This precise control of when and where doxorubicin or other cancer drugs are released could offer a noninvasive alternative to cancer surgery or systemic chemotherapy, the UAB researchers report in the journal ACS Nano, which has an impact factor of 13.3.
Mechanical engineering professor Michael Khonsari was honored with the Danek Award for his commitment to research at the Experimental Program to Stimulate Research’s 2017 Coalition of States Conference.
The Danek Award is named after Joseph Danek, who serves in Washington D.C. as the executive director of the EPSCoR Foundation and senior vice president of the Implementation Group, Inc. This award has only been given out twice since it was created in 2016.
Khonsari currently serves as the project director for EPSCoR for Louisiana and the associate commissioner for sponsored programs at the Louisiana Board of Regents. He has helped to develop a science and technology plan for the state and foster faculty collaboration on research projects.
“I’ve been very lucky to be able orchestrate what people are doing and putting my two cents together to win [awards],” Khonsari said.
Currently, EPSCoR has a five-year plan and a $20 million grant grant for research provided the National Science Foundation. Their emphasis is on manufacturing and materials. This involves 3-D printing, and Khonsari said there is now a centralized user’s facility for these printers along with other devices in Patrick F. Taylor Hall.
In the second year second year of this five-year plan, there are several research questions to be addressed regarding manufacturing and materials. Khonsari said there are many scientific issues that need to be resolved involving the types of materials used in these printers and discovering the issues that arise with the use of these devices.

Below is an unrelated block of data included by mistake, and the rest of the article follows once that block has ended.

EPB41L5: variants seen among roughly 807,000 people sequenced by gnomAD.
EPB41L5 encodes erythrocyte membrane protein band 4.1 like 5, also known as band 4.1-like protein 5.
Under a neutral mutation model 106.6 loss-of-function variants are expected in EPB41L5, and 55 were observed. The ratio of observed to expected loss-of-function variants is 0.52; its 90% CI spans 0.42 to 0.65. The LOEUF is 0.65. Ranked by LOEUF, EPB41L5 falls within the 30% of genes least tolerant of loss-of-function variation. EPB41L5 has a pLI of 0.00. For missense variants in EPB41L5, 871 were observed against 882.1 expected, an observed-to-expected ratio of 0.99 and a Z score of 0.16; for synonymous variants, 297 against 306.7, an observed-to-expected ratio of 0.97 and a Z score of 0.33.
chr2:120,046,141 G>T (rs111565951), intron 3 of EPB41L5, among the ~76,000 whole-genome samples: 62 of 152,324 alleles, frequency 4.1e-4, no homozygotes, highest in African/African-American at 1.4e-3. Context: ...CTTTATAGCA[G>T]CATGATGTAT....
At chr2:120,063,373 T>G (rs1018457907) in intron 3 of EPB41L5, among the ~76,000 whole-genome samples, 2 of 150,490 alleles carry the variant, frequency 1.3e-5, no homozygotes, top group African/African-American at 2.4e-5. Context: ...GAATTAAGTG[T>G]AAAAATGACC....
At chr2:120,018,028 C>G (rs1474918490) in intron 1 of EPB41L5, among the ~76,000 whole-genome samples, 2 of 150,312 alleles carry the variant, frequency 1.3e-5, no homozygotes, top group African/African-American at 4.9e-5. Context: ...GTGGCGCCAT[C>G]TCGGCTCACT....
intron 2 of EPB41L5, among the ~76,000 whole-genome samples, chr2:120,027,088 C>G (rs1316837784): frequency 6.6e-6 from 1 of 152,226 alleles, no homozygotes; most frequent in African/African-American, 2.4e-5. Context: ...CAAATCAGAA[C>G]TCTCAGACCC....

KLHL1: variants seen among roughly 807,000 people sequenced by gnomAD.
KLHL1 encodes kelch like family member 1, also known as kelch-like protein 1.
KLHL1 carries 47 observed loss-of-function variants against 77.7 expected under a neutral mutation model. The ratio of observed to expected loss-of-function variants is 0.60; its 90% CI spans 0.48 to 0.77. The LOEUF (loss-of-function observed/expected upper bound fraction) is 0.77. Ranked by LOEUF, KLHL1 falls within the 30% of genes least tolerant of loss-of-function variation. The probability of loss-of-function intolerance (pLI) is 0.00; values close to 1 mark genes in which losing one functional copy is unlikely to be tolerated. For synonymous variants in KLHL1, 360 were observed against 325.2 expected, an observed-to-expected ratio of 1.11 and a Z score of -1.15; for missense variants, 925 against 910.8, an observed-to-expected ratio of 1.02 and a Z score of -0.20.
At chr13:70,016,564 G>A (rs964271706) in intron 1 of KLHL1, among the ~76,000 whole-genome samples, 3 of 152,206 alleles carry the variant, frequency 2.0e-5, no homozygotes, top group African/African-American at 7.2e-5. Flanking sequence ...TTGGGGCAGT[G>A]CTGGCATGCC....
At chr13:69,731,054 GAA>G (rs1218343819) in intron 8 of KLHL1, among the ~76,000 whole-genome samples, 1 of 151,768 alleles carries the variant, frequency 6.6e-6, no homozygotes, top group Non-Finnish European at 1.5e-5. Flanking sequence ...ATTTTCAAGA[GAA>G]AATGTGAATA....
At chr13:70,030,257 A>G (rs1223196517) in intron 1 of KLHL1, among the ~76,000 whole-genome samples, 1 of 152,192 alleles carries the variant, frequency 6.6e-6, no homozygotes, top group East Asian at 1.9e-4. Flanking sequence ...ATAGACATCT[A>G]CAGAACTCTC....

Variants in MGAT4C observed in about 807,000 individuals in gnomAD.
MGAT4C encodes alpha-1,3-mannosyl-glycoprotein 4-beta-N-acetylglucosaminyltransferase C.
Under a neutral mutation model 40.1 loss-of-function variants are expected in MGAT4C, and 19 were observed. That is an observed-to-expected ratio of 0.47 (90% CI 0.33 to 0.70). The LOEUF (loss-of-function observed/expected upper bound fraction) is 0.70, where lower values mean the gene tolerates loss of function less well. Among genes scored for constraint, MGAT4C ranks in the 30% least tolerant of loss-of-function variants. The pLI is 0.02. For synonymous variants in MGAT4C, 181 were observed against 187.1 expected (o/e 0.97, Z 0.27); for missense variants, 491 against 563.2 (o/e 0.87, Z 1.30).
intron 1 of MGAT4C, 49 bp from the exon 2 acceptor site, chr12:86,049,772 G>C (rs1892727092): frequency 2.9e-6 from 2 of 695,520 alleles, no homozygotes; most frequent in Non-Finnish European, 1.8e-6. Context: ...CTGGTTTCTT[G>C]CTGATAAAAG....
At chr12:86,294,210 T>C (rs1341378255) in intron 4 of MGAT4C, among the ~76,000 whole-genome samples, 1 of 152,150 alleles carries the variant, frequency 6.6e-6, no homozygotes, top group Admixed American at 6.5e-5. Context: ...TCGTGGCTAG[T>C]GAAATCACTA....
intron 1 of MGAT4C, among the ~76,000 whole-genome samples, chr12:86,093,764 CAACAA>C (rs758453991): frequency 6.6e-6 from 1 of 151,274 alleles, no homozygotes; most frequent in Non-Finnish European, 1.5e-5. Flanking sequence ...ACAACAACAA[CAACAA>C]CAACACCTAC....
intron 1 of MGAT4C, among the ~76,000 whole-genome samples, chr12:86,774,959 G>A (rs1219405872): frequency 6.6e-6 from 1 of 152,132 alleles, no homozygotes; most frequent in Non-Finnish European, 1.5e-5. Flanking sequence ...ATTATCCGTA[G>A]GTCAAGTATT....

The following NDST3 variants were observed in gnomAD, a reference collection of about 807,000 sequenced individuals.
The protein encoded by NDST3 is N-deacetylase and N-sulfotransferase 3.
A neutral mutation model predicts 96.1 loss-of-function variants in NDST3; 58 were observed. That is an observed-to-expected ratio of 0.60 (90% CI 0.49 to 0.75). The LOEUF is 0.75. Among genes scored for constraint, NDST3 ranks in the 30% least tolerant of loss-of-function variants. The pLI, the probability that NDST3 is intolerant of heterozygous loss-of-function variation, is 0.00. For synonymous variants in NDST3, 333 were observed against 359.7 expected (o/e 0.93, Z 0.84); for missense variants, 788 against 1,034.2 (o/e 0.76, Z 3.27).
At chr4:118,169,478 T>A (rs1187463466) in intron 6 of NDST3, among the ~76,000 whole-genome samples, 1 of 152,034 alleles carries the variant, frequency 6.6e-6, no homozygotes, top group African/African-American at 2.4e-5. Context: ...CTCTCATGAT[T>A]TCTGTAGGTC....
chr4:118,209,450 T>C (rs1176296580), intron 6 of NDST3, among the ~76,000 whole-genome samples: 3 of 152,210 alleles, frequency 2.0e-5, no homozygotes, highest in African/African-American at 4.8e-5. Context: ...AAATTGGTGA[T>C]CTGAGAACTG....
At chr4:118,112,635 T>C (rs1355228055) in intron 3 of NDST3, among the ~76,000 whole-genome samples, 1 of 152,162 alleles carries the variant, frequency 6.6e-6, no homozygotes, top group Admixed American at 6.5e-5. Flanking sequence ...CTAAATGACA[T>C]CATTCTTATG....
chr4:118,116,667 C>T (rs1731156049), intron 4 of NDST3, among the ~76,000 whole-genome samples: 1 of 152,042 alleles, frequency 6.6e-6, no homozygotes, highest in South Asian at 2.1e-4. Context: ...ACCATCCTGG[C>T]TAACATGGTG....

“There are two research thrusts – one is 3-D printing, the other is doing a lot of investigation of very, very tiny devices that could perform really well,” Khonsari said. “Just imagine having a credit card sized heat exchanger to remove heat. One of the biggest problems with laptops, or computers in general, was that they couldn’t remove heat. Chips generate a lot of power, so somehow you have to remove that heat, or else everything blows up.”
Khonsari said he hopes to see a growth in the development of the Manufacturing Central User Facility, bring the manufacturing and materials industry to the state and collaborate with the industry. Khonsari said he wants Louisiana to be known for the manufacturing of devices such as 3-D printers.
“That’s the ultimate goal: to land a national center of excellence here which in Louisiana we don’t have one right now in science and engineering,” Khonsari said. “That’s what we’re after.”
EPSCoR was developed in 1978 by the NSF to allow states that lacked funding to send in proposals and compete for research grants. Louisiana became an EPSCoR state in 1987 and has become a model state for EPSCoR because of the program’s success.